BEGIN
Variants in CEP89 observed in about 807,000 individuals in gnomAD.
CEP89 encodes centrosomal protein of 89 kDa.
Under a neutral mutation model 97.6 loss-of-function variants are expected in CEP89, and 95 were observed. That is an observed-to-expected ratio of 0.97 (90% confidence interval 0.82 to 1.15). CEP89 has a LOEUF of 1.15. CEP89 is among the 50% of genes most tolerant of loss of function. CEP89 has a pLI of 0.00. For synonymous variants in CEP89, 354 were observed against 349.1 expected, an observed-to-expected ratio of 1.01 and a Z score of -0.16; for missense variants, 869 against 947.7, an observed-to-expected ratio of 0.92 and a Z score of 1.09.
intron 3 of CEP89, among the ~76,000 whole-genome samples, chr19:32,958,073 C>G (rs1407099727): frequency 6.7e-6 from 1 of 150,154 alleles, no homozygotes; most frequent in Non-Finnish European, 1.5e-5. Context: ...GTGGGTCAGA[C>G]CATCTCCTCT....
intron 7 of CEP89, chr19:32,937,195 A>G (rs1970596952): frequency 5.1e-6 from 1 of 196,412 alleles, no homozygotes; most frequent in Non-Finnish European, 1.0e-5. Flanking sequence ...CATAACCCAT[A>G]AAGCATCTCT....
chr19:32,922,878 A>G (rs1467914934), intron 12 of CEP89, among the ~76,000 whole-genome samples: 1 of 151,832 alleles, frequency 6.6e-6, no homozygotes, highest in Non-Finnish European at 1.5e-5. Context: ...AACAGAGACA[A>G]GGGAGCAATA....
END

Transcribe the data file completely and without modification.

Variants in CEP89 observed in about 807,000 individuals in gnomAD.
CEP89 encodes centrosomal protein of 89 kDa.
Under a neutral mutation model 97.6 loss-of-function variants are expected in CEP89, and 95 were observed. That is an observed-to-expected ratio of 0.97 (90% confidence interval 0.82 to 1.15). CEP89 has a LOEUF of 1.15. CEP89 is among the 50% of genes most tolerant of loss of function. CEP89 has a pLI of 0.00. For synonymous variants in CEP89, 354 were observed against 349.1 expected, an observed-to-expected ratio of 1.01 and a Z score of -0.16; for missense variants, 869 against 947.7, an observed-to-expected ratio of 0.92 and a Z score of 1.09.
intron 3 of CEP89, among the ~76,000 whole-genome samples, chr19:32,958,073 C>G (rs1407099727): frequency 6.7e-6 from 1 of 150,154 alleles, no homozygotes; most frequent in Non-Finnish European, 1.5e-5. Context: ...GTGGGTCAGA[C>G]CATCTCCTCT....
intron 7 of CEP89, chr19:32,937,195 A>G (rs1970596952): frequency 5.1e-6 from 1 of 196,412 alleles, no homozygotes; most frequent in Non-Finnish European, 1.0e-5. Flanking sequence ...CATAACCCAT[A>G]AAGCATCTCT....
chr19:32,922,878 A>G (rs1467914934), intron 12 of CEP89, among the ~76,000 whole-genome samples: 1 of 151,832 alleles, frequency 6.6e-6, no homozygotes, highest in Non-Finnish European at 1.5e-5. Context: ...AACAGAGACA[A>G]GGGAGCAATA....